An ancient city on the Adriatic coast, Split achieved fame when the Roman emperor Diocletian had his retirement palace built here from 295 to 305 AD. After his death the great stone palace continued to be used as a retreat by Roman rulers. The Old Town is built around the harbor on the south side of a high peninsula sheltered from the open sea by many islands.The high coastal mountains set against the blue Adriatic provide a striking backdrop.
Split is a busy port with numerous ferries operating to and from nearby islands. It is also a popular resort with beaches, pleasant promenades and good hotels. Venetian, Gothic and Renaissance houses and several medieval churches add architectural interest.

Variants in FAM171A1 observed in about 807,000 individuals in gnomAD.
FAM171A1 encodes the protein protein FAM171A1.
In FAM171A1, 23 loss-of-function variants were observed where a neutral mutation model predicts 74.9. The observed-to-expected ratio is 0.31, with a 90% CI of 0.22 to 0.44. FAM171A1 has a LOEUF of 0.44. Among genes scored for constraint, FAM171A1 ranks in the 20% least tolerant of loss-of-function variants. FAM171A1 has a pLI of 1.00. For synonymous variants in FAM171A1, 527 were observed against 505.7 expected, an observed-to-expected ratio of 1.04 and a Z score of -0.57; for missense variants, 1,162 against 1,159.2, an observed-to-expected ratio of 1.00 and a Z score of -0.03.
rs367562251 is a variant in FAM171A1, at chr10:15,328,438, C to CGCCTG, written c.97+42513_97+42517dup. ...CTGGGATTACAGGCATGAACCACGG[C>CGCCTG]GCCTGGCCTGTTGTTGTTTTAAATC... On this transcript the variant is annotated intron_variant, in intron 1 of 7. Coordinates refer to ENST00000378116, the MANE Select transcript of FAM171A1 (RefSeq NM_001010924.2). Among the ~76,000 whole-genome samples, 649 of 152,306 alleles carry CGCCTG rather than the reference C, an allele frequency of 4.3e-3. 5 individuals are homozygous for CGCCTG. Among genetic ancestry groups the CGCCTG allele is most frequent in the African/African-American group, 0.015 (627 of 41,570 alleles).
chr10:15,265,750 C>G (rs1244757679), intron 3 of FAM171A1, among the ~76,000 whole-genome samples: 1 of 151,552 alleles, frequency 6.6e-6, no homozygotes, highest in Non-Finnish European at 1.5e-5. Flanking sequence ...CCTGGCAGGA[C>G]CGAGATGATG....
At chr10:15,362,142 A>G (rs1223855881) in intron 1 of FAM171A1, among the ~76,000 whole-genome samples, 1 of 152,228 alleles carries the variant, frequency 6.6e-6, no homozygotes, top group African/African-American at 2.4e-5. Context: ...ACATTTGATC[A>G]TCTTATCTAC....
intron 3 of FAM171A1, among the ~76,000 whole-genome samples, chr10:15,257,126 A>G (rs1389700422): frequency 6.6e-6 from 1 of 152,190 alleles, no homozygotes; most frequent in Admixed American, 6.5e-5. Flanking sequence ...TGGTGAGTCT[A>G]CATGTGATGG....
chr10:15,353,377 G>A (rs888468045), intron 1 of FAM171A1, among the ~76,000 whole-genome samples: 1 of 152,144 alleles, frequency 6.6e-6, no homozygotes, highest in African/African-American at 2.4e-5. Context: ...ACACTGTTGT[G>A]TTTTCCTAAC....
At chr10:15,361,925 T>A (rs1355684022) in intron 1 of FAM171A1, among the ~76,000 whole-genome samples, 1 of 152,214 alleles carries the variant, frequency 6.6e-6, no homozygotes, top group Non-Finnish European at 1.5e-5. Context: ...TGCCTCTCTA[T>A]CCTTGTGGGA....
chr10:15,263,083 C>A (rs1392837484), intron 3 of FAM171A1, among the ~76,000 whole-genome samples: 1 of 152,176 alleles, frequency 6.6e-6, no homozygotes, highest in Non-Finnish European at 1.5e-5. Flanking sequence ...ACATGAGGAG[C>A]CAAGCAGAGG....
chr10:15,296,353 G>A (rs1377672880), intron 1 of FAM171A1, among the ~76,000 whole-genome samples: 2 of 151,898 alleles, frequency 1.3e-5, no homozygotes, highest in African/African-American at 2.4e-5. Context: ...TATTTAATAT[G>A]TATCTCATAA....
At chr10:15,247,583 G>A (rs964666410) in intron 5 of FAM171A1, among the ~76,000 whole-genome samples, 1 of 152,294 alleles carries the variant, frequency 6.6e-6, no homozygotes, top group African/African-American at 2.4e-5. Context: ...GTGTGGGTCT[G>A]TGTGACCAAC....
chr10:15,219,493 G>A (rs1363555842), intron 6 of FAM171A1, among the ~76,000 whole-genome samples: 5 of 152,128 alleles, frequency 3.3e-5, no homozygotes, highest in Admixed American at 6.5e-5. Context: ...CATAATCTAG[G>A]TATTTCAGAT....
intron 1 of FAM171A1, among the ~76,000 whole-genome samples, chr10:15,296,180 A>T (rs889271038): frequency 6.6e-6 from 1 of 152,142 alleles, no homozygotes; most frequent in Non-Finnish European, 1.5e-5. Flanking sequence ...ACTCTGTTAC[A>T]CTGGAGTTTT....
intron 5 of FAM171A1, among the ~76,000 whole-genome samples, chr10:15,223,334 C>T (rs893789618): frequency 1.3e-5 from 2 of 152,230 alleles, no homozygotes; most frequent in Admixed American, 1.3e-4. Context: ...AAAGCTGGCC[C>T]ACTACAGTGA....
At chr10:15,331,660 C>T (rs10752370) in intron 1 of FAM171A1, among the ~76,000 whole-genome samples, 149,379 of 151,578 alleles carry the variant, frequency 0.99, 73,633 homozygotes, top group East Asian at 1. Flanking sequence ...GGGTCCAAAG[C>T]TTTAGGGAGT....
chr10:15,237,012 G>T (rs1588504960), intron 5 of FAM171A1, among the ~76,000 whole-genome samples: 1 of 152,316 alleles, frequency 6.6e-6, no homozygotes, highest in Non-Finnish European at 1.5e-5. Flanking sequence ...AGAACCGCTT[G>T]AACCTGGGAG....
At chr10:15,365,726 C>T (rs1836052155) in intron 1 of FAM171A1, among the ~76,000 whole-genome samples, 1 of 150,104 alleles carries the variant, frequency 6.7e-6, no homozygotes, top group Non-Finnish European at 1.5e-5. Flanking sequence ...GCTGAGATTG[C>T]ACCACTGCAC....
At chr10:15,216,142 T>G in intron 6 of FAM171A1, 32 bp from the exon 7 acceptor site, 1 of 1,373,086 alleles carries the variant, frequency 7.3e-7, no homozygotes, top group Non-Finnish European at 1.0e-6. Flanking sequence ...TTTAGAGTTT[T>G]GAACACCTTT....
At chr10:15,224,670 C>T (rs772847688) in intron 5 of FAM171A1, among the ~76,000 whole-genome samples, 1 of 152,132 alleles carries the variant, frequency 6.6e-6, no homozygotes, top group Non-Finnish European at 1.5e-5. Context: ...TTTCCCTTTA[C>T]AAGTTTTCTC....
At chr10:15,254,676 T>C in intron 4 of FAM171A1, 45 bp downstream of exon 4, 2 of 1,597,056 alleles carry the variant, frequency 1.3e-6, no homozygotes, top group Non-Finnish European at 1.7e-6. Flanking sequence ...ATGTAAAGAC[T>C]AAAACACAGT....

As a major cultural center, Split does not lack in museums and art galleries; one gallery honors Jan Mestrovic, one of Croatia's greatest sculptors. However, the city's principal attraction is Diocletian's Palace. It occupies an area of 34,680 square yards and was constructed to serve as a residence and a fortified military camp. By the Middle Ages, the palace had been enclosed within a strong wall with square corner towers, and had become a town with narrow house-lined alleys. As the city grew, people gradually moved outside the walls and the city center shifted westward. Thanks to the fact that Split was fortunate enough to escape destruction by wars or natural disasters in 1,700 years of its existence, the buildings of various historical periods as well as the Palace of Diocletian are well preserved, making Old Split without a doubt one of the most fascinating cities in Europe.